This is a modest, low-key story. That’s a compliment.
In the fall of 2003 … when he was starting his first season with Nease, there were the murmurs about the intensity of the Tebows’ faith. Bob Tebow made no secret of his family’s belief that educating the children at home was an important part of giving them a Christian upbringing, and that prompted mixed reactions.
To the Tebows, this was nothing new. At the family’s home, there are Bible verses on the doors to rooms. Ken Murrah, who spent significant time with the family while producing an ESPN documentary on Tebow’s senior season in high school, said the house was warm but purposely modest. Bob Tebow always had his children do significant work on the farm, whether it was building fences or baling hay, to instill dedication and humility.
“He was direct about what he believed in and did not hide it,” Murrah said. “Bob was never trying to win any popularity contests with how he raised his kids, I can tell you that. But the whole family lived that way. It was genuine.”
Still, though home schooling is not as rare in Florida as it is in other states, even Tebow’s teammates were initially wary.
“I remember some guys being like, ‘Will he know a lot of words? Will he speak like us?’ ” Ellis said. “It was different.”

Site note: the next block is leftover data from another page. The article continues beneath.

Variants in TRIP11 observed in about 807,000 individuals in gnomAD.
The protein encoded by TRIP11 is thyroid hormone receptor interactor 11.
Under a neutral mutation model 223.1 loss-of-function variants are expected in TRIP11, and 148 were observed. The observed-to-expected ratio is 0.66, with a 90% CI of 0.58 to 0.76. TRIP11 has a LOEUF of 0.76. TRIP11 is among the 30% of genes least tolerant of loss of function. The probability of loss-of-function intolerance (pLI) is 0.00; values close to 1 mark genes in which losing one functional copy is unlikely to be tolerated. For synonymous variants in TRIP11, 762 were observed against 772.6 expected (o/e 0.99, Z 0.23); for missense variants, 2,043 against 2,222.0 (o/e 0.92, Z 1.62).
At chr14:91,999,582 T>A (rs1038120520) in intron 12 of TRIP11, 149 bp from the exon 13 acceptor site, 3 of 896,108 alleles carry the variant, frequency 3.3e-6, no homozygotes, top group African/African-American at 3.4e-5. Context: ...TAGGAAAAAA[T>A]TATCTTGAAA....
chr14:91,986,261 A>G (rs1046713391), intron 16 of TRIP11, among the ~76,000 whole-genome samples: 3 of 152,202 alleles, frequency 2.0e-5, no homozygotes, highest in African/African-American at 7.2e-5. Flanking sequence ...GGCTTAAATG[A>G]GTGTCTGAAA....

In high school, Tebow was not overtly vocal about his Christianity to other players, Ellis said, but he did kneel and pray before games — though no one called it Tebowing then.
Yes, this feature story touches on earlier controversies about Tebow’s virginity. Yes, it describes the quarterback’s skills as a designated driver for teammates who tipped back a few too many drinks — while Tebow abstained.
It’s a fine piece. Let’s hope that reporters at the New York tabloids read it. It touches the familiar bases, but does not stomp on them. That’s another compliment.
Meanwhile, op-ed columnist Ross Douthat of the Times recently offered a precise description of the logic that is at the heart of the media phenomenon that could be called Hurricane Tebow. Check it out, especially this part:
… (L)et’s be unsophisticated for a moment. Why is Tim Tebow such a fascinating and polarizing figure? Not just because he claims to be religious; that claim is commonplace among football stars and ordinary Americans alike. Rather, it’s because his conduct — kind, charitable, chaste, guileless — seems to actually vindicate his claim to be in possession of a life-altering truth.
Nothing discredits religion quite like the gap that often yawns between what believers profess and how they live. With Tebow, that gap seems so narrow as to be invisible. (“There’s not an ounce of artifice or phoniness or Hollywood in this kid Tebow,” ESPN’s Rick Reilly wrote last year of the quarterback’s charitable works, “and I’ve looked everywhere for it.”) He fascinates, in part, because he behaves — at least in public, and at least for now — the way one would expect more Christians to behave if their faith were really true.
Stay tuned. I predict that Tebow’s life in New York City will draw a modest amount of coverage. Will he lay hands on Jeremy Lin’s knee and pray for healing?